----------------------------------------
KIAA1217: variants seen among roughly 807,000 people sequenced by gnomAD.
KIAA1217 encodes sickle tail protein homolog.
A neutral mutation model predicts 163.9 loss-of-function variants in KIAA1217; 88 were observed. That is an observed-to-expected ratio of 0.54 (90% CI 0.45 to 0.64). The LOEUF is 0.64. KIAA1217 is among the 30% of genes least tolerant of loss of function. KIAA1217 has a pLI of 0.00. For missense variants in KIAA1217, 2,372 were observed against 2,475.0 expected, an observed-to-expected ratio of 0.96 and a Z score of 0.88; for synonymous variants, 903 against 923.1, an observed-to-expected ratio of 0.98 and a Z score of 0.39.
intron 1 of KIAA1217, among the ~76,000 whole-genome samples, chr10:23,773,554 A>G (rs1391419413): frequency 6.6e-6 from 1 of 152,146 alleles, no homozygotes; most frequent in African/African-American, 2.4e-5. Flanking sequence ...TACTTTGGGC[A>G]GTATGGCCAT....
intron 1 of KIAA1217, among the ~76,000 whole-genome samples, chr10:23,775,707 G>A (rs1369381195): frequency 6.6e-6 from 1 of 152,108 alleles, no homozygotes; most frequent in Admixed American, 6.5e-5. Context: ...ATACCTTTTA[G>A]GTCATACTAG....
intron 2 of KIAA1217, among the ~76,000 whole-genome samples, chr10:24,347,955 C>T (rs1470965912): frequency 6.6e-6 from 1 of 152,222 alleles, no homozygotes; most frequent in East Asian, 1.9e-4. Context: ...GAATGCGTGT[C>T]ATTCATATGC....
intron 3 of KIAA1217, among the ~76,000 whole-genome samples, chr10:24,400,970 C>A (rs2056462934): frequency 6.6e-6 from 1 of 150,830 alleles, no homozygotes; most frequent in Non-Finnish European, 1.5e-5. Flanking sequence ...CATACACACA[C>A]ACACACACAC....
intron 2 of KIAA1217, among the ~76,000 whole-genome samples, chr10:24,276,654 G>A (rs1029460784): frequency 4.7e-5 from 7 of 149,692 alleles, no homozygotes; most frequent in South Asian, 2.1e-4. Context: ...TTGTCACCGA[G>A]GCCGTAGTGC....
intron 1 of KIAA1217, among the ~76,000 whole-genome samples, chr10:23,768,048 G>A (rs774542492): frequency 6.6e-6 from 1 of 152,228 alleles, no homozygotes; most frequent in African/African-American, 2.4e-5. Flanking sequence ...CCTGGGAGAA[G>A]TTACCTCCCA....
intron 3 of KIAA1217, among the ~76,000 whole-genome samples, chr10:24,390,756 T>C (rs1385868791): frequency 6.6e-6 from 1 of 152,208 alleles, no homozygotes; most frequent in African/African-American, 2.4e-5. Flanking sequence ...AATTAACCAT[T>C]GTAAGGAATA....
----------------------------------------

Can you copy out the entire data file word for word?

KIAA1217: variants seen among roughly 807,000 people sequenced by gnomAD.
KIAA1217 encodes sickle tail protein homolog.
A neutral mutation model predicts 163.9 loss-of-function variants in KIAA1217; 88 were observed. That is an observed-to-expected ratio of 0.54 (90% CI 0.45 to 0.64). The LOEUF is 0.64. KIAA1217 is among the 30% of genes least tolerant of loss of function. KIAA1217 has a pLI of 0.00. For missense variants in KIAA1217, 2,372 were observed against 2,475.0 expected, an observed-to-expected ratio of 0.96 and a Z score of 0.88; for synonymous variants, 903 against 923.1, an observed-to-expected ratio of 0.98 and a Z score of 0.39.
intron 1 of KIAA1217, among the ~76,000 whole-genome samples, chr10:23,773,554 A>G (rs1391419413): frequency 6.6e-6 from 1 of 152,146 alleles, no homozygotes; most frequent in African/African-American, 2.4e-5. Flanking sequence ...TACTTTGGGC[A>G]GTATGGCCAT....
intron 1 of KIAA1217, among the ~76,000 whole-genome samples, chr10:23,775,707 G>A (rs1369381195): frequency 6.6e-6 from 1 of 152,108 alleles, no homozygotes; most frequent in Admixed American, 6.5e-5. Context: ...ATACCTTTTA[G>A]GTCATACTAG....
intron 2 of KIAA1217, among the ~76,000 whole-genome samples, chr10:24,347,955 C>T (rs1470965912): frequency 6.6e-6 from 1 of 152,222 alleles, no homozygotes; most frequent in East Asian, 1.9e-4. Context: ...GAATGCGTGT[C>T]ATTCATATGC....
intron 3 of KIAA1217, among the ~76,000 whole-genome samples, chr10:24,400,970 C>A (rs2056462934): frequency 6.6e-6 from 1 of 150,830 alleles, no homozygotes; most frequent in Non-Finnish European, 1.5e-5. Flanking sequence ...CATACACACA[C>A]ACACACACAC....
intron 2 of KIAA1217, among the ~76,000 whole-genome samples, chr10:24,276,654 G>A (rs1029460784): frequency 4.7e-5 from 7 of 149,692 alleles, no homozygotes; most frequent in South Asian, 2.1e-4. Context: ...TTGTCACCGA[G>A]GCCGTAGTGC....
intron 1 of KIAA1217, among the ~76,000 whole-genome samples, chr10:23,768,048 G>A (rs774542492): frequency 6.6e-6 from 1 of 152,228 alleles, no homozygotes; most frequent in African/African-American, 2.4e-5. Flanking sequence ...CCTGGGAGAA[G>A]TTACCTCCCA....
intron 3 of KIAA1217, among the ~76,000 whole-genome samples, chr10:24,390,756 T>C (rs1385868791): frequency 6.6e-6 from 1 of 152,208 alleles, no homozygotes; most frequent in African/African-American, 2.4e-5. Flanking sequence ...AATTAACCAT[T>C]GTAAGGAATA....